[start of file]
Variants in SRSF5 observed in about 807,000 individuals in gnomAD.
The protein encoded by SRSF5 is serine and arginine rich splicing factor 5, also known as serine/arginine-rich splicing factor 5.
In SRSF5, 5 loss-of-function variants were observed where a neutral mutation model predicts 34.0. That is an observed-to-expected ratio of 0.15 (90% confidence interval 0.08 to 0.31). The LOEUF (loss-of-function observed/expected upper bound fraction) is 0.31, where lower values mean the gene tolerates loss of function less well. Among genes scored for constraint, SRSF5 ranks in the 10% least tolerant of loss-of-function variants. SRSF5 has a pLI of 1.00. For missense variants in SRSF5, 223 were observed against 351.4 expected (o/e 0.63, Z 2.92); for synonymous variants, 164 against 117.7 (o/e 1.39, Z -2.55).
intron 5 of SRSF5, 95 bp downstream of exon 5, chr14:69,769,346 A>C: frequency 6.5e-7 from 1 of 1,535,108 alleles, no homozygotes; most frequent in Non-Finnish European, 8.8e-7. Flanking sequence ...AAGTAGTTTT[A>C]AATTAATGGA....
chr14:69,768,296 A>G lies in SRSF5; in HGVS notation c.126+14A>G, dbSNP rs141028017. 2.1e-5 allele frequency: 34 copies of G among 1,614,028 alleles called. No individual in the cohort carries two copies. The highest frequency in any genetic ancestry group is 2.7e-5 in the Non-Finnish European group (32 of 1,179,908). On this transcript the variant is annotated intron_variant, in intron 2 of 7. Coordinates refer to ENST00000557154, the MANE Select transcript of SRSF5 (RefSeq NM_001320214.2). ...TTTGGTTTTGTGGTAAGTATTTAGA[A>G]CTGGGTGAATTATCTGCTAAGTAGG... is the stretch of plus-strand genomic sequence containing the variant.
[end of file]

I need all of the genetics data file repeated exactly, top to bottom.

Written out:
Variants in SRSF5 observed in about 807,000 individuals in gnomAD.
The protein encoded by SRSF5 is serine and arginine rich splicing factor 5, also known as serine/arginine-rich splicing factor 5.
In SRSF5, 5 loss-of-function variants were observed where a neutral mutation model predicts 34.0. That is an observed-to-expected ratio of 0.15 (90% confidence interval 0.08 to 0.31). The LOEUF (loss-of-function observed/expected upper bound fraction) is 0.31, where lower values mean the gene tolerates loss of function less well. Among genes scored for constraint, SRSF5 ranks in the 10% least tolerant of loss-of-function variants. SRSF5 has a pLI of 1.00. For missense variants in SRSF5, 223 were observed against 351.4 expected (o/e 0.63, Z 2.92); for synonymous variants, 164 against 117.7 (o/e 1.39, Z -2.55).
intron 5 of SRSF5, 95 bp downstream of exon 5, chr14:69,769,346 A>C: frequency 6.5e-7 from 1 of 1,535,108 alleles, no homozygotes; most frequent in Non-Finnish European, 8.8e-7. Flanking sequence ...AAGTAGTTTT[A>C]AATTAATGGA....
chr14:69,768,296 A>G lies in SRSF5; in HGVS notation c.126+14A>G, dbSNP rs141028017. 2.1e-5 allele frequency: 34 copies of G among 1,614,028 alleles called. No individual in the cohort carries two copies. The highest frequency in any genetic ancestry group is 2.7e-5 in the Non-Finnish European group (32 of 1,179,908). On this transcript the variant is annotated intron_variant, in intron 2 of 7. Coordinates refer to ENST00000557154, the MANE Select transcript of SRSF5 (RefSeq NM_001320214.2). ...TTTGGTTTTGTGGTAAGTATTTAGA[A>G]CTGGGTGAATTATCTGCTAAGTAGG... is the stretch of plus-strand genomic sequence containing the variant.